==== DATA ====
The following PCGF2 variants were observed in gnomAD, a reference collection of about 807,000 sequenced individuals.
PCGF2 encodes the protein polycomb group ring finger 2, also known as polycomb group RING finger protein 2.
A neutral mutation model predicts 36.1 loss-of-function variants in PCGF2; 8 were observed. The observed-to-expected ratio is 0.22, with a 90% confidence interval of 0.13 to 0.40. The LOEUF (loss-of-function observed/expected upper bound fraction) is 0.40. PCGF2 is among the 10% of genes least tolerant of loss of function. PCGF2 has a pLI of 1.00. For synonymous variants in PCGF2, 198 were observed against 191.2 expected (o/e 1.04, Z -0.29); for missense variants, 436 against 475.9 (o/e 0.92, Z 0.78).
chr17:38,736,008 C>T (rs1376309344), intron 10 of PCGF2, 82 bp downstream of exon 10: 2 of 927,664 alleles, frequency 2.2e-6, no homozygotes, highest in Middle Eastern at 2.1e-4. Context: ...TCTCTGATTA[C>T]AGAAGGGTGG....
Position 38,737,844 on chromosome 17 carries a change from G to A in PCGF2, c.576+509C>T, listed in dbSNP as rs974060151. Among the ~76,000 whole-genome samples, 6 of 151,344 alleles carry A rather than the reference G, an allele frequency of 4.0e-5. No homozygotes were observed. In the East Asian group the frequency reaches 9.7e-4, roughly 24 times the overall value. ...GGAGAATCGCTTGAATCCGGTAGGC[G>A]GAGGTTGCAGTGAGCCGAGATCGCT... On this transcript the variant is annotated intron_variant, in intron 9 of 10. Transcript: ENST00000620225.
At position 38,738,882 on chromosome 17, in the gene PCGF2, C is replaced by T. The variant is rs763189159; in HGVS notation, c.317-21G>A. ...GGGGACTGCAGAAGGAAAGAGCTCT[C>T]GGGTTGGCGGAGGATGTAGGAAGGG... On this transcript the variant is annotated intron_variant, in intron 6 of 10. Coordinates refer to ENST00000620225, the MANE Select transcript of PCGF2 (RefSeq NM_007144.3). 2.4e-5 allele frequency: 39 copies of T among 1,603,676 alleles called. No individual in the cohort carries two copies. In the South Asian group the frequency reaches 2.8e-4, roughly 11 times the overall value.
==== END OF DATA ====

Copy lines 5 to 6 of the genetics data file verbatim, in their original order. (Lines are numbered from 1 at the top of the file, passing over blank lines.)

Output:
Position 38,737,844 on chromosome 17 carries a change from G to A in PCGF2, c.576+509C>T, listed in dbSNP as rs974060151. Among the ~76,000 whole-genome samples, 6 of 151,344 alleles carry A rather than the reference G, an allele frequency of 4.0e-5. No homozygotes were observed. In the East Asian group the frequency reaches 9.7e-4, roughly 24 times the overall value. ...GGAGAATCGCTTGAATCCGGTAGGC[G>A]GAGGTTGCAGTGAGCCGAGATCGCT... On this transcript the variant is annotated intron_variant, in intron 9 of 10. Transcript: ENST00000620225.
At position 38,738,882 on chromosome 17, in the gene PCGF2, C is replaced by T. The variant is rs763189159; in HGVS notation, c.317-21G>A. ...GGGGACTGCAGAAGGAAAGAGCTCT[C>T]GGGTTGGCGGAGGATGTAGGAAGGG... On this transcript the variant is annotated intron_variant, in intron 6 of 10. Coordinates refer to ENST00000620225, the MANE Select transcript of PCGF2 (RefSeq NM_007144.3). 2.4e-5 allele frequency: 39 copies of T among 1,603,676 alleles called. No individual in the cohort carries two copies. In the South Asian group the frequency reaches 2.8e-4, roughly 11 times the overall value.